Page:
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Human cerebrovascular contractile receptors are upregulated via a B-Raf/MEK/ERK-sensitive signaling pathway.

Ahnstedt, Hilda LU ; Säveland, Hans LU ; Nilsson, Ola LU and Edvinsson, Lars LU (2011) In BMC Neuroscience 12.
Abstract
ABSTRACT:

BACKGROUND: Cerebral ischemia results in a rapid increase in contractile cerebrovascular receptors, such as the 5-hydroxytryptamine type 1B (5-HT1B), angiotensin II type 1 (AT1), and endothelin type B (ETB) receptors, in the vessel walls within the ischemic region, which further impairs local blood flow and aggravates tissue damage. This receptor upregulation occurs via activation of the mitogen-activated protein kinase pathway. We therefore hypothesized an important role for B-Raf, the first signaling molecule in the pathway. To test our hypothesis, human cerebral arteries were incubated at 37°C for 48 h in the absence or presence of a B-Raf inhibitor: SB-386023 or SB-590885. Contractile properties were evaluated in a... (More)
ABSTRACT:

BACKGROUND: Cerebral ischemia results in a rapid increase in contractile cerebrovascular receptors, such as the 5-hydroxytryptamine type 1B (5-HT1B), angiotensin II type 1 (AT1), and endothelin type B (ETB) receptors, in the vessel walls within the ischemic region, which further impairs local blood flow and aggravates tissue damage. This receptor upregulation occurs via activation of the mitogen-activated protein kinase pathway. We therefore hypothesized an important role for B-Raf, the first signaling molecule in the pathway. To test our hypothesis, human cerebral arteries were incubated at 37°C for 48 h in the absence or presence of a B-Raf inhibitor: SB-386023 or SB-590885. Contractile properties were evaluated in a myograph and protein expression of the individual receptors and activated phosphorylated B-Raf (p-B-Raf) was evaluated immunohistochemically.



RESULTS: 5-HT1B, AT1, and ETB receptor-mediated contractions were significantly reduced by application of SB-590885, and to a smaller extent by SB-386023. A marked reduction in AT1 receptor immunoreactivity was observed after treatment with SB-590885. Treatment with SB-590885 and SB-386023 diminished the culture-induced increase of p-B-Raf immunoreactivity.



CONCLUSIONS: B-Raf signaling has a key function in the altered expression of vascular contractile receptors observed after organ culture. Therefore, specific targeting of B-Raf might be a novel approach to reduce tissue damage after cerebral ischemia by preventing the previously observed upregulation of contractile receptors in smooth muscle cells. (Less)
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author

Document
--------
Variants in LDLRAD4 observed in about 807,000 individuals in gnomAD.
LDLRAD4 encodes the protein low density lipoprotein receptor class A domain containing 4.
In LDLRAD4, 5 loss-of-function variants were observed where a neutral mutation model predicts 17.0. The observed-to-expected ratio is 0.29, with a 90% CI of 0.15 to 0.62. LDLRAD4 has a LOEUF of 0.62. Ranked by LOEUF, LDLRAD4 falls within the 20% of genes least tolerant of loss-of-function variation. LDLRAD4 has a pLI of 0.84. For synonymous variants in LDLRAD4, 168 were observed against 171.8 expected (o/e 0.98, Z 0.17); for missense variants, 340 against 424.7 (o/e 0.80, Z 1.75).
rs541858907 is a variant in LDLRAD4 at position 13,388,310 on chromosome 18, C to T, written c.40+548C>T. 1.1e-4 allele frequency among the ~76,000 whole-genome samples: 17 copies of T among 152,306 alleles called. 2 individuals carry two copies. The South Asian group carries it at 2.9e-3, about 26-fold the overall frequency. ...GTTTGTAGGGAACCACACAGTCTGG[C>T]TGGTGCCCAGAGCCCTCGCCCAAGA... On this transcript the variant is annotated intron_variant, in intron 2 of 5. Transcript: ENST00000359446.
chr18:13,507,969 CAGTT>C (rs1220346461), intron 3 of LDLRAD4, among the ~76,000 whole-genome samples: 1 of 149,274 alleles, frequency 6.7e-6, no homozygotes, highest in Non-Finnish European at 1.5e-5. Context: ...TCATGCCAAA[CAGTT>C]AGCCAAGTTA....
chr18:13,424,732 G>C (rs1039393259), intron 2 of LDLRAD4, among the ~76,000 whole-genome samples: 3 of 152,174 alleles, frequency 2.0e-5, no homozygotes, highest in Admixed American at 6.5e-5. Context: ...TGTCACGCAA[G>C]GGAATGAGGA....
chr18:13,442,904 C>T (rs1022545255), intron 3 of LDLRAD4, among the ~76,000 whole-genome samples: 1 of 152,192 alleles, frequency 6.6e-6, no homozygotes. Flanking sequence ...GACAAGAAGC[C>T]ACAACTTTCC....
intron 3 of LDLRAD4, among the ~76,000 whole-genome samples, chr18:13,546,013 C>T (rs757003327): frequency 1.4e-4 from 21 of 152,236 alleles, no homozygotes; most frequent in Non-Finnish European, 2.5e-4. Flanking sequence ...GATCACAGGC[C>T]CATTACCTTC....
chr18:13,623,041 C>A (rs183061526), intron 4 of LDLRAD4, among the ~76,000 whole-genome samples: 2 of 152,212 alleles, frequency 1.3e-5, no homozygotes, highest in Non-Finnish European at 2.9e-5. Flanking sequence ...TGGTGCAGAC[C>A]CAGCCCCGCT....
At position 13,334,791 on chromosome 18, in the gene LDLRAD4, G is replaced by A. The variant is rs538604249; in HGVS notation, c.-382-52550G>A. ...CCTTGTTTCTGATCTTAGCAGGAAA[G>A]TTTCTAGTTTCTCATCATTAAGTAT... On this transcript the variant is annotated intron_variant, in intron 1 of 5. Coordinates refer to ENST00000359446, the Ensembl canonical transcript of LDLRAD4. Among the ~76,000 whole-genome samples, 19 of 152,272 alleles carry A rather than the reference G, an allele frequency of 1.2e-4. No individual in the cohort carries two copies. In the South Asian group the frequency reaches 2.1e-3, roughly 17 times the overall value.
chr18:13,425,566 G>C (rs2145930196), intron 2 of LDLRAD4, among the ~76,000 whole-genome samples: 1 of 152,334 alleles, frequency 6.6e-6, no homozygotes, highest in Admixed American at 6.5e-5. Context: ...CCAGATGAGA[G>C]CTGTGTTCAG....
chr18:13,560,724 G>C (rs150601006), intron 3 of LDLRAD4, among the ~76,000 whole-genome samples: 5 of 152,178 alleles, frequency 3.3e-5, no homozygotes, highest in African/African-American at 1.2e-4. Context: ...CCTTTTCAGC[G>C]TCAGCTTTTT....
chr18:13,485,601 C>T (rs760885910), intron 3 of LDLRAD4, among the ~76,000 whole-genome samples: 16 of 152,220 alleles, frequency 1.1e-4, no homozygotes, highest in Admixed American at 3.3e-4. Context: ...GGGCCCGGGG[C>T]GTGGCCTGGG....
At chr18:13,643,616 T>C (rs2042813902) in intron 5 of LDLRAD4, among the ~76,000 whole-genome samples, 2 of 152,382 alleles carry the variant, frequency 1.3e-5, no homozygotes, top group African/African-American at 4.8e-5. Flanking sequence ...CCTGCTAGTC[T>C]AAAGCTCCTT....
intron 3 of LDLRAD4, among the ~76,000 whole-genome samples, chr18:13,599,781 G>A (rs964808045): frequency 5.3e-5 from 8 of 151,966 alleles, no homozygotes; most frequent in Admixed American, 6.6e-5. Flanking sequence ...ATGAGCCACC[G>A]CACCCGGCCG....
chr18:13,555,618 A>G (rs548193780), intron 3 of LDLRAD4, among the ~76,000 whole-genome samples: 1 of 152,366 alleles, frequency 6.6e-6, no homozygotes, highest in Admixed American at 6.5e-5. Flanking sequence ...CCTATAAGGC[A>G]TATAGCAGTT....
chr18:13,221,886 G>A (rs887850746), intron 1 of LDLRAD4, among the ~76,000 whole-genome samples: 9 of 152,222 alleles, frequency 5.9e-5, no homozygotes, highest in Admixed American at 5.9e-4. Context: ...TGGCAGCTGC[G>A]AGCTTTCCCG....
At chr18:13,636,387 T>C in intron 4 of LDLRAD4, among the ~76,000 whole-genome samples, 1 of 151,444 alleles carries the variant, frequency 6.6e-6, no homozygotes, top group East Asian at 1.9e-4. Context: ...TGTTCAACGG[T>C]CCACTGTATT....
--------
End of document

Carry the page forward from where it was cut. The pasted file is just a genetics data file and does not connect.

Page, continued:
organization
publishing date
type
Contribution to journal
publication status
published
subject
in
BMC Neuroscience
volume
12
publisher
BioMed Central
external identifiers
  • WOS:000286509700001
  • PMID:21223556
  • Scopus:78651076674
ISSN
1471-2202
DOI
10.1186/1471-2202-12-5
language
English
LU publication?
yes
id
d1e7d484-39d9-47f0-86a0-7435710797d5 (old id 1777596)
alternative location
http://www.ncbi.nlm.nih.gov/pubmed/21223556?dopt=Abstract
date added to LUP
2011-02-01 12:18:27
date last changed
2016-10-13 04:25:46
@misc{d1e7d484-39d9-47f0-86a0-7435710797d5,
  abstract     = {ABSTRACT:<br/><br>
BACKGROUND: Cerebral ischemia results in a rapid increase in contractile cerebrovascular receptors, such as the 5-hydroxytryptamine type 1B (5-HT1B), angiotensin II type 1 (AT1), and endothelin type B (ETB) receptors, in the vessel walls within the ischemic region, which further impairs local blood flow and aggravates tissue damage. This receptor upregulation occurs via activation of the mitogen-activated protein kinase pathway. We therefore hypothesized an important role for B-Raf, the first signaling molecule in the pathway. To test our hypothesis, human cerebral arteries were incubated at 37°C for 48 h in the absence or presence of a B-Raf inhibitor: SB-386023 or SB-590885. Contractile properties were evaluated in a myograph and protein expression of the individual receptors and activated phosphorylated B-Raf (p-B-Raf) was evaluated immunohistochemically.<br/><br>
<br/><br>
RESULTS: 5-HT1B, AT1, and ETB receptor-mediated contractions were significantly reduced by application of SB-590885, and to a smaller extent by SB-386023. A marked reduction in AT1 receptor immunoreactivity was observed after treatment with SB-590885. Treatment with SB-590885 and SB-386023 diminished the culture-induced increase of p-B-Raf immunoreactivity.<br/><br>
<br/><br>
CONCLUSIONS: B-Raf signaling has a key function in the altered expression of vascular contractile receptors observed after organ culture. Therefore, specific targeting of B-Raf might be a novel approach to reduce tissue damage after cerebral ischemia by preventing the previously observed upregulation of contractile receptors in smooth muscle cells.},
  author       = {Ahnstedt, Hilda and Säveland, Hans and Nilsson, Ola and Edvinsson, Lars},
  issn         = {1471-2202},
  language     = {eng},
  publisher    = {ARRAY(0xb58a580)},
  series       = {BMC Neuroscience},
  title        = {Human cerebrovascular contractile receptors are upregulated via a B-Raf/MEK/ERK-sensitive signaling pathway.},
  url          = {http://dx.doi.org/10.1186/1471-2202-12-5},
  volume       = {12},
  year         = {2011},
}